It’s that time of the year again, when everyone feels the need to reflect on their accomplishments of the year and draw conclusions about where to go from there. For me, it’s not just the end of the year 2019 but also the start of my thirty-second year on Earth and I never quite know how to feel about this. I always find that December is a difficult month for me, emotionally speaking. It’s somewhat confusing with Christmas coming up, which is supposed to be a joyful event, and then there’s the terrible pressure of having the perfect plan for New Year’s Eve. But it’s also the time of my birthday, which is supposed to be a cause for celebration, but I’ve never celebrated my birthday. Except for that one time in fifth grade and it was terrible! So much pressure and it didn’t turn out the way I had imagined it at all.
Anyways, I’m not particularly fond of my own birthdays. I don’t enjoy getting presents all that much, which is why I always encourage people not to get me any. I prefer gestures (small ones, please don’t express your appreciation of me with any kinds of big, public, and potentially embarrassing gestures) that come from the heart. I relish people spending quality time with me. I truly enjoy getting text messages from loved ones on my birthday (I do not, however, care for the generic “Happy B-Day” posts on my Facebook timeline that people felt obliged to leave there, which is why my birthday’s no longer public on my social media profiles) and the same goes for presents, if they really mean something, despite what I wrote earlier. I’m not a fan of gifting for the sole purpose of doing so. If you feel like you need to get me a present only to be polite and because it’s the proper thing to do, please don’t. It will be a waste of your money and I may not even enjoy it. My dad likes to call some presents “cadeaux empoisonnés”, which is French and can roughly be translated to “poisoned presents”. It means that the person who receives the gift not only doesn’t benefit from the gift, but also carries the burden of not knowing what to do with it / having to pretend to like it / having to display or eventually dispose of it / having to store it and so on. I’ve gifted my fair share of “cadeaux empoisonnés” over the years. I now try, if I feel like I need to bring a gift but have no idea what to buy, to get something the other person can use for sure, like a bottle of wine for instance − if they don’t like it, they can always re-purpose it as a gift to someone else, right?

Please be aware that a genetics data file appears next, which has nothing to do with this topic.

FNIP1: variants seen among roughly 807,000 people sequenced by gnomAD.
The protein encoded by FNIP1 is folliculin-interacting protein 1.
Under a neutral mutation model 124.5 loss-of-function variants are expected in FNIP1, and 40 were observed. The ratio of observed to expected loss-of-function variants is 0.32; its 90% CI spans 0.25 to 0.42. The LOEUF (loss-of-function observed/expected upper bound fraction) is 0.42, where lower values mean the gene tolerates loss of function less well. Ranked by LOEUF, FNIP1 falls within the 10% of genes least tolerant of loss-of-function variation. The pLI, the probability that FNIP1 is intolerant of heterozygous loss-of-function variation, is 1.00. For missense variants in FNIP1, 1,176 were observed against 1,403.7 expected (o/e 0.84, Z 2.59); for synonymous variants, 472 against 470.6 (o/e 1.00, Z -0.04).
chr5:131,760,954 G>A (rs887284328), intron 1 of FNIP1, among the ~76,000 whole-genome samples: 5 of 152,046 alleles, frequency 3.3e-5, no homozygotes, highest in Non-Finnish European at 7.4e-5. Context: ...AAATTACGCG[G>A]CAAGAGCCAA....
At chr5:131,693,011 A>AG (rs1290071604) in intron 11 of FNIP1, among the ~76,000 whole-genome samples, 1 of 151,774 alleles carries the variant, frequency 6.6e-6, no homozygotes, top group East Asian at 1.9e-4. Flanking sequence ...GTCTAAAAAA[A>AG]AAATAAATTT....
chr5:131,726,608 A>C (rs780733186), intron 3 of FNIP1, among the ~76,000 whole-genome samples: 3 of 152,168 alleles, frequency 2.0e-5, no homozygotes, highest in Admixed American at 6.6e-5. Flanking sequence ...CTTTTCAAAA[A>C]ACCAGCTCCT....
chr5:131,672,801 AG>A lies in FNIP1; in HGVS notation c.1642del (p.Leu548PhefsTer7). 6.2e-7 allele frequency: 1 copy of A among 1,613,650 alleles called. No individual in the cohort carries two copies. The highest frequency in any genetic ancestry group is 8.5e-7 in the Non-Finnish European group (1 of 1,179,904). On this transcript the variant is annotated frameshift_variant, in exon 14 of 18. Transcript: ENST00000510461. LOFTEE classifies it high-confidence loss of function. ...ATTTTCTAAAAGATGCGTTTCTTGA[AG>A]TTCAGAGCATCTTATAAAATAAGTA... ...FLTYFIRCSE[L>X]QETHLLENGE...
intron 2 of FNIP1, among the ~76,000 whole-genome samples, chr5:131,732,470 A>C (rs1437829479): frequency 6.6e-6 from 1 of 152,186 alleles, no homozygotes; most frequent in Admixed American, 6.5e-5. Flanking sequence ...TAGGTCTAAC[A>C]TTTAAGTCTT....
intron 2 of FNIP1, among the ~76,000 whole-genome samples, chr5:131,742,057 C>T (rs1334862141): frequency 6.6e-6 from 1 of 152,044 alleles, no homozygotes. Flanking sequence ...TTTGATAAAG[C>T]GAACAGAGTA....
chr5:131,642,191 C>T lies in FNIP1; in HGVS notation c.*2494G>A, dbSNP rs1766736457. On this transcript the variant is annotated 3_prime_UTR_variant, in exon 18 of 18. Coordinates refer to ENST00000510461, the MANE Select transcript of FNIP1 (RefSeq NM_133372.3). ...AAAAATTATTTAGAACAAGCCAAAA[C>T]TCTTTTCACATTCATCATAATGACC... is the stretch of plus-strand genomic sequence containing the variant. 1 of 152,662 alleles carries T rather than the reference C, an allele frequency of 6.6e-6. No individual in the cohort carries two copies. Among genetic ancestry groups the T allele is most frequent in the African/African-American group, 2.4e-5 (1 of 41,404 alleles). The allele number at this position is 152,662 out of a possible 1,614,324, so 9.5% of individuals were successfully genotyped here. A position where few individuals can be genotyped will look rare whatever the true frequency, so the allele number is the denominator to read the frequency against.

Now that I got this (albeit somewhat unsolicited) piece of advice off my chest, I can go back to what I was going to write in the first place. A few days ago, I felt slightly panicky because I was under the impression that I had absolutely nothing to show for myself at the end of this very long but also incredibly short year. And then I realised that so much has happened, even if it’s not written down on paper and visible to a stranger’s eye.
Well actually, some of it is written down and visible to strangers: I’ve published twenty-six (this one included) blog posts on carrotdays.com in 2019, which I’m quite proud of. People may not always understand what I’m babbling on about, but I’ve carried on regardless. Kudos to me, I guess!
What I meant though is that there haven’t been any major changes in my life in 2019: I haven’t changed jobs, I’m still on the lookout for a partner and I still have no idea what I’m doing.
What has changed though, is the way I feel about all of this.
2019 has seen me stretch my comfort zone a little bit more, manage to be true to myself in unsettling situations a little more often and meet new wonderful people in the most unlikely of places. I’ve managed to open up and to feel understood (obviously not by everyone) but I’ve also been hurt and misunderstood and therefore had to deal with my fair share of feeling inadequate and unfit for this world. My resilience, however, has continued to grow throughout 2019. I’ve learned that I have the ability to recover from emotionally difficult situations. I’ve also learned that I don’t need to constantly try to turn myself into a better human. I’m allowed to be flawed and I’m allowed to struggle with things that come easily to others. I’m allowed to have a different opinion and go my own way.
I’m slowly learning that I am enough, which is immensely hard work for me given that I’ve been harbouring this core belief of not being (good) enough my entire life. This fear of not being enough, be it as a friend, a girlfriend, an employee, a daughter, a sister, a horse rider, a runner, a writer, […] has always been prevalent. In 2020, I’d like to work some more on ignoring the little bullying voice in the back of my head that keeps reminding me of the possibility that I may not suffice. To remind me that said voice is lying, I recently did something I never thought I’d do: I got a tattoo.
Every time I look at it now, it reminds me of the following things:
1. It’s so pretty, I can’t believe I did this!
2. Perspectives and opinions can change – heck, I never wanted to get tattooed and I also never even understood why people would want to get a tattoo.
3. I am enough.
And so are you.
A merry Christmas* and a happy new year to all of you kind people who regularly find their way onto my blog. I appreciate each and every one of you − thank you so much 💛!
* This can of course be substituted by the festivity of your choice and doesn’t only apply to those of you who celebrate Christmas 🙂.